..although Composers most often get better..

 iassersohn commenting on Composition Competitions - last bastion of ageism?:
13 June 2010 at 21:36

Thanks for raising the topic. When I was in my early 20s I began to earn money as a composer but it was never enough to support my young family so, for purely financial reasons, I switched to IT . Now, 25 years later, my family are growing up or grown, and for the first time in my life I have the time to write, and the maturity and experience to know what I want to write and how to do it. But almost no competitions will accept an entry from me. I'll get there somehow but it's made much harder for me by these arbitrary and unfair age limits.

 Misuc commenting on Composition Competitions - last bastion of ageism?:
27 June 2010 at 14:50

I am ancient. Well past qualifying for any age-limited competitions.I have raised this as an issue before.

I get ideas very quickly but I am not at all good at finishing things.

What bothers me most about the competitions announced on his website, are the absurd deadlines:

Today is Sunday; New competitions have been announced today (though yesterday's date is given):

1] a piece for solo alto saxophone by next Wednesday? That would be soon enough for me to sketch something out and send it off necxt post. [Any longer and it would never get done]

2] a work for 20-30-piece concert band also by next Wednesday? Not even Bach could enter that competition, I don't think.

3 ]a piece for chamber ensemble on a folk theme by Monday week?

4]a piano trio by Friday?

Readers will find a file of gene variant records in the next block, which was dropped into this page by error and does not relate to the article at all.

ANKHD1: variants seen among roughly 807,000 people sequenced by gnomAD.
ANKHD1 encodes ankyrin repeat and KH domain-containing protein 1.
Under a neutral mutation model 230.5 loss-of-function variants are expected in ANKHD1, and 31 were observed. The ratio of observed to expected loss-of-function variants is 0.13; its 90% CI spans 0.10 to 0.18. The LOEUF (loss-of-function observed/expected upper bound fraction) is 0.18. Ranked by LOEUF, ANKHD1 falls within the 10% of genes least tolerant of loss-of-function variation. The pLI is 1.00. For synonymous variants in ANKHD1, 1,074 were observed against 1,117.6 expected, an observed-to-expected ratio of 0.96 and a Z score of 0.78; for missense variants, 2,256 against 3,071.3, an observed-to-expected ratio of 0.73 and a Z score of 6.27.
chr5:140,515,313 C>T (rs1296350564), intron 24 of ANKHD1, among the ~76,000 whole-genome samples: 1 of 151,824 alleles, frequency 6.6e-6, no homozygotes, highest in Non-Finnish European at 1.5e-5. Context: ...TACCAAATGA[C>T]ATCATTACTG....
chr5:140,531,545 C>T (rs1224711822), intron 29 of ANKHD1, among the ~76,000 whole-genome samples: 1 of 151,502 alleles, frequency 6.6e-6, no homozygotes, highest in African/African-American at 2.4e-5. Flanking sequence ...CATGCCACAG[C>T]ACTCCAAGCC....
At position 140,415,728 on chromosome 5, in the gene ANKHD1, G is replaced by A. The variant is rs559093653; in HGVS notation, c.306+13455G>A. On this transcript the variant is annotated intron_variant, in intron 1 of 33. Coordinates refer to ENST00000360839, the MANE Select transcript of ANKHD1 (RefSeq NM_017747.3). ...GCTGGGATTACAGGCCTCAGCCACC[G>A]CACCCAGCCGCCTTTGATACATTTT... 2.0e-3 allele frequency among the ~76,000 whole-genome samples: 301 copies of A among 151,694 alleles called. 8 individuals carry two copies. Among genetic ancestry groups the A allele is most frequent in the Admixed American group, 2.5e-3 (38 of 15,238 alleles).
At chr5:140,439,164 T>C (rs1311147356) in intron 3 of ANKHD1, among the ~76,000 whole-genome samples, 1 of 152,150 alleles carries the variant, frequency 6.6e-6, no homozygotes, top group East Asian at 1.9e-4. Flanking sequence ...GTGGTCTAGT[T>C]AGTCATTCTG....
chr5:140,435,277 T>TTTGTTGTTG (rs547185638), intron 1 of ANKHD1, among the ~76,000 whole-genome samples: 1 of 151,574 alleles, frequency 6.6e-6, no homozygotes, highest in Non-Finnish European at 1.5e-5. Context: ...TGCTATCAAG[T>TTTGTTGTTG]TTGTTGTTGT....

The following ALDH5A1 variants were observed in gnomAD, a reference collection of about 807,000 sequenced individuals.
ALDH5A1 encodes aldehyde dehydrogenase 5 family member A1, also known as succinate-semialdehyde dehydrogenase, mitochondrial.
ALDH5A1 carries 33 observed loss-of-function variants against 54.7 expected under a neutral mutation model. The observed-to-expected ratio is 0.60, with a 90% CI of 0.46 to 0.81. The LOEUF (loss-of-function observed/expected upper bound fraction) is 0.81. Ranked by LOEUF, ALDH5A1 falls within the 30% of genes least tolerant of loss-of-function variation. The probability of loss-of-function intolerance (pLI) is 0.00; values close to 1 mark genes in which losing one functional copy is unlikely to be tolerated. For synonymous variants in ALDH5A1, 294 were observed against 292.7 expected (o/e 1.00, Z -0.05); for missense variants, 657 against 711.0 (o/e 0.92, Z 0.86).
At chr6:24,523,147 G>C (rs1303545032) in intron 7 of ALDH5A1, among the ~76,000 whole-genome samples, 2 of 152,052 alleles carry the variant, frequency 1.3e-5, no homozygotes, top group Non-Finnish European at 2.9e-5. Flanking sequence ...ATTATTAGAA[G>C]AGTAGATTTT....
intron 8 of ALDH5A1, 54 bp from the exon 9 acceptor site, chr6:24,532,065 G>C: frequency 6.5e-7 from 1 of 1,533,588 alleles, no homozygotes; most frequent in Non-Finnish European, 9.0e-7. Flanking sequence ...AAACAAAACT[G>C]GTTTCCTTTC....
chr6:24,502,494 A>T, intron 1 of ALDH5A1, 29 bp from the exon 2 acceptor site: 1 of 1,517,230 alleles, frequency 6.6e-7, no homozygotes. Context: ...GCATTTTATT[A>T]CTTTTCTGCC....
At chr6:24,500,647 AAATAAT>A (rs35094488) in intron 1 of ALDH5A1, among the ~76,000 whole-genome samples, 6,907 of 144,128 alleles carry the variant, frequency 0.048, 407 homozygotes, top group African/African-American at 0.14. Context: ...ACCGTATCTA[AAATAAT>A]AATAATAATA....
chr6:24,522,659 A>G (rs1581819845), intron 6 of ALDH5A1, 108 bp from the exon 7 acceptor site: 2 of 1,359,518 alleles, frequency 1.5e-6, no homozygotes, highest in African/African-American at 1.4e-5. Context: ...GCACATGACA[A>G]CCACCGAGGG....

Not much time for precomposition here is there, Scott?

 Misuc commenting on Composition Competitions - last bastion of ageism?:
05 July 2010 at 19:01

PS And this is not helped by the spate of new competition announcements coming along today but back-dated a week! Is it not possible to get more timely notice from the competion-givers?

 J Saragoza commenting on Composition Competitions - last bastion of ageism?:
17 August 2011 at 04:03

I feel I need to chime here on this topic. I think it may be the case that organizers may be under the misconception that past a certain age, a composer has had enough time to become established or just bail out of writing. I can't believe it's a quality issue. A bit about myself. I used to enter competitions quite a bit when I was younger, and this shouldn't be taken as complaining, but I never did win a competition. I've had the time to "establish" myself since I'm 58 now, but I never quite merged into the network properly, and for 40 years performances by others have been few and far between. I have continued to write and decided to enter a few competitions just to see what the arena is like these days, and maybe get some needed cash having been in garbage jobs since I can remember to support music. I was disappointed to find that anyone 58 is left out of the running by 28 years (30 seems to be the magic nmber here). Sometimes the limit is 60.

It's understandable that there should be a will to support younger composer trying to get their footing in this business (yes it's a business), but all these composers must grow old also.

So, if there are an abundance of composers constantly being trained, constantly writing, year after year, then many will never win or establish themselves. So in the final analysis, the future is one of more older composers not getting played and much like poor old Bach, their music being used to graft trees in some orchard.

Not speaking of myself on this next statement but that's a pretty pitiful way to treat some old unknown musical genius out there. Such is modern life.